So now that I've put out this collection of stories (again, with other formats coming soon) I've also begun work on a novel. It's not my first novel, which may come as a surprise to some people. No, when I was a wee teenager, I got it in my head that I should write, of all things, a 'Star Trek: The Next Generation' novel.
It was a pretty terrible novel, I can admit that. Actually, let me take that back; I was really proud of the story that I had come up with, but I'm sure that if I read it now, it would just reek of amateur hour nonsense. The basic plot had to do with (sigh) vampires invading the Federation. Of course, only the crew of the Starship Enterprise could stop it! Anyway there was a whole thing where there was actually this vampire cloud in an episode of the original 'Star Trek' series, and I postulated that this cloud was, in fact, the origin of vampire myths around the galaxy and there was lots of cool stuff going on with fighting vampires and fighting... vampire clouds... Whatever, it was cool. Trust me.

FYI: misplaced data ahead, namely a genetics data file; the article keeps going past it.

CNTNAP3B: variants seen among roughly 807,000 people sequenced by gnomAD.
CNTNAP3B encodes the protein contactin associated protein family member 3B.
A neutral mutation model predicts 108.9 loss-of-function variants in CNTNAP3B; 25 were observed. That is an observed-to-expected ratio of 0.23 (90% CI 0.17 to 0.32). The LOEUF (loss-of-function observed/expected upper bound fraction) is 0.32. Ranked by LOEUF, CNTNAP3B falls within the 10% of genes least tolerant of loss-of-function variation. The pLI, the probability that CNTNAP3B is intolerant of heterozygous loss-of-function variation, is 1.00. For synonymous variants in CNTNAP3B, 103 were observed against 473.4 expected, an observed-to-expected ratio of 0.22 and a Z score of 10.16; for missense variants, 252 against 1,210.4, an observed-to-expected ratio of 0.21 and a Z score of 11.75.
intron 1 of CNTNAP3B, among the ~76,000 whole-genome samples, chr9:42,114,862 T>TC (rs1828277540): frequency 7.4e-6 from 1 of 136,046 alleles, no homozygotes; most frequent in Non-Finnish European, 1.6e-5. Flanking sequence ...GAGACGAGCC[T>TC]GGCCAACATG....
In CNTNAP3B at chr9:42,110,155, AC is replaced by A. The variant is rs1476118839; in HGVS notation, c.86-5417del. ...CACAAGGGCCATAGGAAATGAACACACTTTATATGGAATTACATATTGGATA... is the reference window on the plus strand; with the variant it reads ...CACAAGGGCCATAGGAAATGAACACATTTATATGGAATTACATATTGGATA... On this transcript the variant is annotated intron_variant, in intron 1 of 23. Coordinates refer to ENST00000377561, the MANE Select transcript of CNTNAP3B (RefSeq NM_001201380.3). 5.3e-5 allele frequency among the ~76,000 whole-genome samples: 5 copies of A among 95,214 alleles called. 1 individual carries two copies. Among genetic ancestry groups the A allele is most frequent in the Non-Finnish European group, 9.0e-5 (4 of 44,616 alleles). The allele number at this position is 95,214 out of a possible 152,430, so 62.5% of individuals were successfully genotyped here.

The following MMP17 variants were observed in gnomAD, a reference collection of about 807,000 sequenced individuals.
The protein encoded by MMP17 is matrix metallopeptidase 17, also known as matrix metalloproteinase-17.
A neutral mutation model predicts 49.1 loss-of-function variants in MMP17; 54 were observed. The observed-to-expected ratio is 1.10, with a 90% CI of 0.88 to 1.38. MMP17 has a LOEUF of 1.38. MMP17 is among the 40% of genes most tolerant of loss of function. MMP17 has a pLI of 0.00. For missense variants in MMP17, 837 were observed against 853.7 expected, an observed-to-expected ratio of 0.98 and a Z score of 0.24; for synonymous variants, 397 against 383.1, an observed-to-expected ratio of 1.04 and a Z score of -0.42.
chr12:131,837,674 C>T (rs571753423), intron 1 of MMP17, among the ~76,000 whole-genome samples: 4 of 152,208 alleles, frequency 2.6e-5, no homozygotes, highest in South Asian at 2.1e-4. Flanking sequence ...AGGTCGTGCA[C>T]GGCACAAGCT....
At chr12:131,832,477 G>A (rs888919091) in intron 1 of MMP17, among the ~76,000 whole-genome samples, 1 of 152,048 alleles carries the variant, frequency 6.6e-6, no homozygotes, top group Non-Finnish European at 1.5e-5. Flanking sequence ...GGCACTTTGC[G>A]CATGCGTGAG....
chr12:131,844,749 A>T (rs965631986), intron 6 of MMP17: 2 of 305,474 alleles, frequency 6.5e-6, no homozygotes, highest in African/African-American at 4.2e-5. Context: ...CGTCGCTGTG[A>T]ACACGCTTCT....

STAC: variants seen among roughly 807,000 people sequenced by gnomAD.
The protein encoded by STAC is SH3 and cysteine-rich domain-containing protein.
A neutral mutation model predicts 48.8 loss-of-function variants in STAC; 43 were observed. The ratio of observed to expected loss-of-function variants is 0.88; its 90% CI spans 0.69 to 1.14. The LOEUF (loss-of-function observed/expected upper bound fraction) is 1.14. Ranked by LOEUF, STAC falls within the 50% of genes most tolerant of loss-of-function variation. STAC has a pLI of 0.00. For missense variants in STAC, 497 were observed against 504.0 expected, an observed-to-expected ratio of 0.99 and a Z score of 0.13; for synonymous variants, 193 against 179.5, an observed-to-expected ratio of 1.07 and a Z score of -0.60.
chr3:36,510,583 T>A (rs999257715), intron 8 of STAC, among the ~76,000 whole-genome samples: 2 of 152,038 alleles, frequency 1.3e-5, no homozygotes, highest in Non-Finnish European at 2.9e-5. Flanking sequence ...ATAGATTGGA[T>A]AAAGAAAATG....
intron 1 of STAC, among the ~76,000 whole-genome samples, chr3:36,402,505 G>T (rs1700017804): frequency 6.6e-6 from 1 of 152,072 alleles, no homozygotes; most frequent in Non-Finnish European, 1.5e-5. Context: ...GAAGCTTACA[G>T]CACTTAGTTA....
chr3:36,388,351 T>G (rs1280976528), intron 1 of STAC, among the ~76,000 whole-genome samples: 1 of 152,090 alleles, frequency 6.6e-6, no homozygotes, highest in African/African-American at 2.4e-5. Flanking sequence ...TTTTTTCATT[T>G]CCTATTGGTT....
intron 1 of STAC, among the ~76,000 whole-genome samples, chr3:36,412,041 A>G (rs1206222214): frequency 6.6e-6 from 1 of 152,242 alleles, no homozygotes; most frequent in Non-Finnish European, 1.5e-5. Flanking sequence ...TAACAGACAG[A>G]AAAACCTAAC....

So now, now I'm working on a real novel. Y'know, one that I can publish for real. Not just 120,000 words of fan fiction.
But it turns out that writing a novel is like really hard, man. Part of my problem is that my writing style is typically very stream-of-consciousness. I tend to just sit down, start writing, and see where it goes from there. I also have developed what seems to be an aversion to second drafts. I don't like going back and revising things. This caused lots of problems in school when I was forced to produce a second draft of a paper, when I felt very comfortable with the first draft and felt no need to change it.
Writing a novel, on the other hand, is a different beast than a five page paper, or a 7,000 word short story. I'm forced to create what they tell me is called an "outline" and even that isn't very structured. My impatience has led me to write approximately 6,000 words of this novel before the outline is even finished. I don't like planning; I'm not a planner. I like to just write. But if doing all this extra work helps me put out a more cohesive novel, then so be it.
By the way, I've already written the last line of the novel. I'm not going to tell you what it is, even though lots of people like to read the last page of the book first. (Weirdos)
"Fast & Furious" by Brian Tyler